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Department
Geography
Course
GGR111H5
Professor
J.Leydon
Semester
Fall

Description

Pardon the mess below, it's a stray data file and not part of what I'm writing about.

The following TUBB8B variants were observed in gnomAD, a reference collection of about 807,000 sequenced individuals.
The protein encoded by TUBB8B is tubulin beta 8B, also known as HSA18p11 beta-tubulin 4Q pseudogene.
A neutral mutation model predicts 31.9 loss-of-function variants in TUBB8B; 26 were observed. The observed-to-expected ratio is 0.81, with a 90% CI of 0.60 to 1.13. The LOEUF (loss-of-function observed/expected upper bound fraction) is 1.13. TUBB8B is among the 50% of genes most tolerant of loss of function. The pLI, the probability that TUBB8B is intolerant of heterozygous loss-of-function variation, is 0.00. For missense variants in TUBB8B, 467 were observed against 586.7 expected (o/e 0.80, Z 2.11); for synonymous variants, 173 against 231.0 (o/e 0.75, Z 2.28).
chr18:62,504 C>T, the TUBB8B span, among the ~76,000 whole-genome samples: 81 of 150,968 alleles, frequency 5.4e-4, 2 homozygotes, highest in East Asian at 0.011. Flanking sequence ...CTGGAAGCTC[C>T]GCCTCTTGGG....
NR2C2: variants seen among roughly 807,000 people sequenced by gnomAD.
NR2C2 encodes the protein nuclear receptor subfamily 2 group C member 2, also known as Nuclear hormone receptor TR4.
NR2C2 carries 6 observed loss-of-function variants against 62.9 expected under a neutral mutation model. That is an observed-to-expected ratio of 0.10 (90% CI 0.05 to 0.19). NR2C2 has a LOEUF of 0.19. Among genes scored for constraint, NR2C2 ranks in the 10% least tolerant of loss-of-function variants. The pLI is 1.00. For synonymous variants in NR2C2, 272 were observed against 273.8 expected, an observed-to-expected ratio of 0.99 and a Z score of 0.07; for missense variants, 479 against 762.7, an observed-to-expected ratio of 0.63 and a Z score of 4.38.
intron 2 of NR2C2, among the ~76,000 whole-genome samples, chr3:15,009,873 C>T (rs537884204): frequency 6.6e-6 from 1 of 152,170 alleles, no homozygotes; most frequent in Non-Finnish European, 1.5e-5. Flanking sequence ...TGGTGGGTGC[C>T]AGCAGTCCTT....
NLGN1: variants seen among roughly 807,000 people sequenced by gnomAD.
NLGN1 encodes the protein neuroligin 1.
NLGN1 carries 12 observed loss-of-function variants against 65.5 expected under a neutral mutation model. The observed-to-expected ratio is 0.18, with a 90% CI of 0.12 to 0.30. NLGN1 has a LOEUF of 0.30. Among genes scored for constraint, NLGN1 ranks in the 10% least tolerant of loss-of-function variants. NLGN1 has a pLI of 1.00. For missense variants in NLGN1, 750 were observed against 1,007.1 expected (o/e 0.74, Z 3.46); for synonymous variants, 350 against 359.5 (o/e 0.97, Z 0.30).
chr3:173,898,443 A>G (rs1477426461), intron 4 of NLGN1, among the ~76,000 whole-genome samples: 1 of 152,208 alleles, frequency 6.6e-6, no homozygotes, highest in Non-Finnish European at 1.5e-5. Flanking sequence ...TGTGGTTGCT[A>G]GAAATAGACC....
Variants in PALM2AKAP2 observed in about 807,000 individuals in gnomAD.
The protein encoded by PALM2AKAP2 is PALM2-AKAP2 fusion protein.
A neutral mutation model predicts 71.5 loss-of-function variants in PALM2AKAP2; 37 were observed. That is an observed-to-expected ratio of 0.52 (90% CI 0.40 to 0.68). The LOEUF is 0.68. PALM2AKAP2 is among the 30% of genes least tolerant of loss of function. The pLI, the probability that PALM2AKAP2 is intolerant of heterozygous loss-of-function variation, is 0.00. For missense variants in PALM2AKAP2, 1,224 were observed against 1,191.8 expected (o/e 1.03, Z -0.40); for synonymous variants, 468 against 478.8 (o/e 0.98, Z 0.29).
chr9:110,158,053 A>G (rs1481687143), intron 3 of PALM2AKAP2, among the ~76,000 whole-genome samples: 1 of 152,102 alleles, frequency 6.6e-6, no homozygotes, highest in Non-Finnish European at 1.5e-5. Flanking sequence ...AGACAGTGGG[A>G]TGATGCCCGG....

Urban Origins  Major cities in developing countries attracted the most people with promises of employment and benefits.  Transportation centres or colonial government centres.  Four ways Cities/Urbanism was originated 1. Agricultural surplus and growth. 2. Market Places established for exchange. 3. New functions for centres, such as military, defence, administration, etc. 4. Religious Centres Pre-Industrial Cities  Cities before industrialization.  Focuses on marketing, commercial activity and craft industries.  No organization of different land uses/functions.  Only division was the separation of the elites in the city.  Elites found in the central core, the economic, cultural and political focal point.  Guild system: land use zoning; clustering of areas based on people sharing jobs/skills, uniformity of practise.  Trade system contributed to urban growth after collapse of Roman Empire.  Mercantilism emerged as a dominant belief in governance: the involvement of the state in economic activities for state growth!  Capitalism combined with technological advances led to Industrial revolution and industrial city. The Industrial Revolution (Begun in England)  New legal, economic and political institutions. (I.e. security property rights, social mobility)  Large-scale use of energy resources and factory production.  New technology, new machines.  More factories.  New landscapes of high concentrations of workers in residences near industries OR transportation routes.  Decline in agriculture.  Movement from Europe to new colonial territories.  Great population growth.  Mass movements from rural areas to the urban city.  No longer feuds between societies and competition, but the emergence of capitalism and nationalism = individual profit and success.  Expansion of countries to empires.  Desire for modernism for practicality and scientific knowledge. Industrial Cities  Emergence of middle class.  No more mercantilism, detested by middle class.  Phases of capitalism created new urban landscapes: 1. Competitive capitalism by markets between local business activities. 2. Organized Capitalism; emergence of transnational organization, rise in service economy and consumption. 3. Disorganized capitalism; producers on the lookout for exotic products.  Large densities in cities with changes in social life.  Rapid growth in key resource locations. Economic Base Theory  Subdivides urban economics into two sectors: 1. Basic; goods and services for sale outside the city, generated income for city residents. 2. Non-Basic; goods and services sold within the city, circulates income.  Two conclusions: 1. The larger the city results in lesser dependence on the basic sector 2. The larger city has potential for growth. Globalization and Industrial Geographies  Affects location, organization and activity of industry.  Two key points related to developing/developed country.  Industrial restructuring, shifts in industrial investment and activity in 3 principle forms.  ‘A decline in the friction of distance that is a consequence of new communication technologies’. Fordism to Post-Fordism  Massive assembly lines.  Vertical/horizontal integration.  Massive production.  Sustained economic growth at the exploitation of labours led to the rise of transnational corporations.  The corporations of countries were restricted in external investment, instead they took advantages of transportation advances.  Loss of manufacturing activity (deindustrialization).  Reindustrialization in other countries. Industrial Restructuring  Three principle forms 1. Machine/automated manufacturing, industry declines in developed country and moved to locations that will accompany low labour costs. 2. Transfer from collective consumption to joint public private projects and deregulation. 3. New technologies that allow organizations to efficiently respond to labour costs.  Technological Advances that allowed flexible accumulation (flexibility in labour practises, relation firms, technology and consumption). Production, transaction and circulation technologies.  Increase in market.  Deindustrialization and reindustrialization  Rise of transnational corporations and communication technologies.  New competition between firms.  Expansion in output and massive unemployment.  Emergence of ser
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